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A Real Head-Scratcher: Manufactured Drama

A Real Head-Scratcher: Manufactured Drama

This blog may be called Adventures in Fiction, but how ’bout some real-life manufactured drama?

For a little over a year now, I’ve decreased my freelance work and returned to a ‘real’ job: stocking freight for the local unit of a nationwide store chain. Stocking freight may seem menial after the other jobs on my resume, but it was my first choice when I applied. First, it would keep me active and not standing in place, as a cashier must do. Second, it would force me to exercise, which editing and writing do not necessarily encourage, as one spends hours before a computer or a narrow-lined notebook. Third, it would be good physical therapy as I continued to recover from injuries (and avoided doing the actual therapeutic exercises, because they hurt). Fourth, it would limit my interaction with the public—although, to my horror, there is still altogether too much of that. And, fifth, it would provide the extra income whenever income lagged from royalties or freelance jobs.

Now you know why I was there. So, where’s the drama?

My team and the overnight team are both short of members; thus, some of us stayed a few hours late to finish freight so the other team wouldn’t have to scramble to take up our slack. Some time around 1 a.m., a woman and her young daughter were looking at handsoaps, but my cart was partially blocking one shelf. I moved the cart back toward me, and opened a box.

“I’m sorry, I’m sorry,” said the woman.

“No, it’s fine,” I replied. (The words on the page are far more stark than they were spoken.)

I kept working.

The woman said something to her daughter, and then continued with “I’m sorry. I’m so sorry. You don’t have to be upset about it,” and more comments in that vein, as if she were arguing with someone.

Then I realized those apologies and offended remarks were directed at me, and she was working herself into tempest.

Not knowing if anything I said to mitigate the situation would actually escalate it, I kept silent. Do not engage. Do NOT engage.

She and her daughter moved on, and I thought they were gone, but they soon showed up on the next aisle I prepared to stock. Then her husband arrived, and they had a low-voiced conversation while I and my teammate exchanged status reports and moved on to our last cart of freight. We returned to separate aisles.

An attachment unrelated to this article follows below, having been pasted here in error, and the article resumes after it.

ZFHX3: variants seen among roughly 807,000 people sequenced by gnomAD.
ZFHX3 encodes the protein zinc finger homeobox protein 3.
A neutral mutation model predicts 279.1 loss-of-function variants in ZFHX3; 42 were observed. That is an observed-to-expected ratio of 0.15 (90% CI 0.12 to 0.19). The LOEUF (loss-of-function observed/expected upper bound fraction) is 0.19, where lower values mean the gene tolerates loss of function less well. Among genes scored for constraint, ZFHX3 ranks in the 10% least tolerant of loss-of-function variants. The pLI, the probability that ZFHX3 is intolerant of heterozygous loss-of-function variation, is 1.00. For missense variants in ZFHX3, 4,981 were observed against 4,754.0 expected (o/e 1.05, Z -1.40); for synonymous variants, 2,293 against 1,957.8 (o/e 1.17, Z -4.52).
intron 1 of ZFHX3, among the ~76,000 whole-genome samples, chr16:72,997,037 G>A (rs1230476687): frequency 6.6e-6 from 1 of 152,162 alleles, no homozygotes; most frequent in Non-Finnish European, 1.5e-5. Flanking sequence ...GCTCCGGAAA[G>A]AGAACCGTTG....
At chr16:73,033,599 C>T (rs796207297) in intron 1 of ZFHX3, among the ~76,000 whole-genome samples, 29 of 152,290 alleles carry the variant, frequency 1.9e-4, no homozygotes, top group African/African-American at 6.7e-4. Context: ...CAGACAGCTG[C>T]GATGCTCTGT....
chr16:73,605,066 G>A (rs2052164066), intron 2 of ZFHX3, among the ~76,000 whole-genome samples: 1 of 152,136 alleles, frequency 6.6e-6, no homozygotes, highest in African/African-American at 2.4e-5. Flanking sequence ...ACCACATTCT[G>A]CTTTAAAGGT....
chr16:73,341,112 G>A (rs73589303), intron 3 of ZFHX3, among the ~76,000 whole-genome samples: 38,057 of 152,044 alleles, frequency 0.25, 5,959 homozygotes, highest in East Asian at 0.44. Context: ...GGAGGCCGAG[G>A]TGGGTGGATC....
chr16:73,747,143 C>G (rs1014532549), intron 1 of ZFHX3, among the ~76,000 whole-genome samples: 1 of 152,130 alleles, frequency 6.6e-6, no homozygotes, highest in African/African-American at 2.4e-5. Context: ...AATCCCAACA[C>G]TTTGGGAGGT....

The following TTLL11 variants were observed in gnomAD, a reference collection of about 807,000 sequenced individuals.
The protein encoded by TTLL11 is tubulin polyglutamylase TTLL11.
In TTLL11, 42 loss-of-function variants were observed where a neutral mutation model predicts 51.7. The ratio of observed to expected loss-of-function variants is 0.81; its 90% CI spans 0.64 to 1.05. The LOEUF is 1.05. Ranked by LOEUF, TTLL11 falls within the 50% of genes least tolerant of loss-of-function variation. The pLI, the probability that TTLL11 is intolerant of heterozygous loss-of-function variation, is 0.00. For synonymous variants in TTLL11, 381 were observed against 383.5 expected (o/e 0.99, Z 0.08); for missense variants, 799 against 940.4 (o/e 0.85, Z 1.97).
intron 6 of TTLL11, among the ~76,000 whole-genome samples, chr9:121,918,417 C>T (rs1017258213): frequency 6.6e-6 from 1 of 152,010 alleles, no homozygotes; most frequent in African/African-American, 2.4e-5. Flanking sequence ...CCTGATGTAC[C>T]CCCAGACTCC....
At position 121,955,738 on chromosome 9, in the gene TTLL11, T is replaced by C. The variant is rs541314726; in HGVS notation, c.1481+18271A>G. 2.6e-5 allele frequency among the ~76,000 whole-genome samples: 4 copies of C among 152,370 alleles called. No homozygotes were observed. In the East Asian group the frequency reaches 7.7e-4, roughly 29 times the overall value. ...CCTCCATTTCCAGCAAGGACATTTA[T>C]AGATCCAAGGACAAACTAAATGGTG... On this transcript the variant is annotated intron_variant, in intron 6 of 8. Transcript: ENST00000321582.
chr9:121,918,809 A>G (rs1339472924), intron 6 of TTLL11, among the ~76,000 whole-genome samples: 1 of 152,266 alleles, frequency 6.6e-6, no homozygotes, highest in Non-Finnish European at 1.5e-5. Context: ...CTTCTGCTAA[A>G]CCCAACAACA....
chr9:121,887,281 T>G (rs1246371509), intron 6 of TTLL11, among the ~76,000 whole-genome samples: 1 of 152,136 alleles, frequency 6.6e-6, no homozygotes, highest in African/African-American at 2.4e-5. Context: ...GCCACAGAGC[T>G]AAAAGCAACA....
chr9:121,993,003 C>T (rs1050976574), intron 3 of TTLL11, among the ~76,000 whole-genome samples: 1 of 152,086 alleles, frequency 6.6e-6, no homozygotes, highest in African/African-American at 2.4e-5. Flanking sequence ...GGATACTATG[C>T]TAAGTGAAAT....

I opened a few boxes.

The husband walked past, muttering.

I caught “…rude, m_____-f_____ing…” and again didn’t realize immediately the words were directed at me until he was already several aisles away.

My teammate stepped out into the main aisle and looked at me.

I said quietly, “Some people are offended all by themselves,” and returned to my cart.

“What was that?” the man roared.

I stepped back into view as he strode toward us, one fist raised, and I stared at him.

Standing off to the side, my teammate replied, “We were talking about work.”

And then we went about our tasks.

He had nothing to do but drop his hand and go about his business.

It was a Doc Holliday moment: “Oh. Johnny, I apologize; I forgot you were there. You may go now.”

My thoughts: Wow. What a way to defend your wife’s honor. Mutter a few obscenities in a passive-aggressive walk-by cursing. Yeah. You da man.

Later, when the teammate and I told our supervisor about the incident, he shrugged it off—the customers’ offense, not the aggression—and told us to alert management whenever we feel threatened. In the moment, however, all I considered was the ridiculousness of the situation and that I was too far away to step between the angry man and my teammate, should he choose to swing at her.

Thank God he backed down in the face of our calm, ‘clueless’ response.

When I recounted the incident later to Bubba’s Wife and expressed my lack of understanding over what I could have done to offend the female customer, she said, “The woman wanted attention, and you weren’t giving it.”

Shrug.

That’s the second time in about a month that people have worked themselves up into an offended frenzy over what they imagine to be my offense. What must they have imagined about me? About themselves? And why was anger and offense their go-to reaction?

 
 

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When Gaerbith Met Kieran

Struggling to complete this scene. I’ve already composed the first paragraphs of a scene that comes later, involving these characters, but am not sure how to proceed with this fight scene. It should be intense, I think, but witty.

Perhaps I am asking too much of it.

From the Plains rose a smudge of green that grew or shrank depending on the swell of the land as they travelled. Days later, it revealed itself as trees, and in two more days, the trees revealed their size, giants standing arm-in-arm.

Yanámari halted her mount on a grassy rise and looked East. “The Guardians.”